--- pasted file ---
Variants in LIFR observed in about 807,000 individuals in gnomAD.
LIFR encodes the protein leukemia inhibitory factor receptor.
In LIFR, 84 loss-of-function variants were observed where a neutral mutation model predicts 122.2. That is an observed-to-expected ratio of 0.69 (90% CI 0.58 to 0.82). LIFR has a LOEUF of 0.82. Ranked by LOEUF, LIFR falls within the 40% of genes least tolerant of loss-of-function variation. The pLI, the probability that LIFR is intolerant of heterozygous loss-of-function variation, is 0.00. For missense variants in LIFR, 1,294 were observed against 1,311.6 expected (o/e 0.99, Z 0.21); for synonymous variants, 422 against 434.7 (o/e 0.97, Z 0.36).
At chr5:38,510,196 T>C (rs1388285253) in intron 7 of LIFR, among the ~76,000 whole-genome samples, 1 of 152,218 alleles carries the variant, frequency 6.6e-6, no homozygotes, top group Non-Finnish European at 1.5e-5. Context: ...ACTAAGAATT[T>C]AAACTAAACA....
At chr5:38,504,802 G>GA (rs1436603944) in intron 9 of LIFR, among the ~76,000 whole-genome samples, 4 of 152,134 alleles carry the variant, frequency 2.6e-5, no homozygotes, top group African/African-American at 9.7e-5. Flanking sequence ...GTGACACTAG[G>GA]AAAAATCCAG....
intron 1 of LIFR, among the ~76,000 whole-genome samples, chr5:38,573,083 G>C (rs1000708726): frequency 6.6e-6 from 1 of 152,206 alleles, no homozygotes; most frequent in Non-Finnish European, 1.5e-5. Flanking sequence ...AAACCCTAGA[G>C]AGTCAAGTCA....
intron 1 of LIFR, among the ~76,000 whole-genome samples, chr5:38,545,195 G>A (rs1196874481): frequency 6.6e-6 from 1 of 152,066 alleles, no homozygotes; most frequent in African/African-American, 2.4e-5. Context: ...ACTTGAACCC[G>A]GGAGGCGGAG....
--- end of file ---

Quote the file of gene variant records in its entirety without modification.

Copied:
Variants in LIFR observed in about 807,000 individuals in gnomAD.
LIFR encodes the protein leukemia inhibitory factor receptor.
In LIFR, 84 loss-of-function variants were observed where a neutral mutation model predicts 122.2. That is an observed-to-expected ratio of 0.69 (90% CI 0.58 to 0.82). LIFR has a LOEUF of 0.82. Ranked by LOEUF, LIFR falls within the 40% of genes least tolerant of loss-of-function variation. The pLI, the probability that LIFR is intolerant of heterozygous loss-of-function variation, is 0.00. For missense variants in LIFR, 1,294 were observed against 1,311.6 expected (o/e 0.99, Z 0.21); for synonymous variants, 422 against 434.7 (o/e 0.97, Z 0.36).
At chr5:38,510,196 T>C (rs1388285253) in intron 7 of LIFR, among the ~76,000 whole-genome samples, 1 of 152,218 alleles carries the variant, frequency 6.6e-6, no homozygotes, top group Non-Finnish European at 1.5e-5. Context: ...ACTAAGAATT[T>C]AAACTAAACA....
At chr5:38,504,802 G>GA (rs1436603944) in intron 9 of LIFR, among the ~76,000 whole-genome samples, 4 of 152,134 alleles carry the variant, frequency 2.6e-5, no homozygotes, top group African/African-American at 9.7e-5. Flanking sequence ...GTGACACTAG[G>GA]AAAAATCCAG....
intron 1 of LIFR, among the ~76,000 whole-genome samples, chr5:38,573,083 G>C (rs1000708726): frequency 6.6e-6 from 1 of 152,206 alleles, no homozygotes; most frequent in Non-Finnish European, 1.5e-5. Flanking sequence ...AAACCCTAGA[G>C]AGTCAAGTCA....
intron 1 of LIFR, among the ~76,000 whole-genome samples, chr5:38,545,195 G>A (rs1196874481): frequency 6.6e-6 from 1 of 152,066 alleles, no homozygotes; most frequent in African/African-American, 2.4e-5. Context: ...ACTTGAACCC[G>A]GGAGGCGGAG....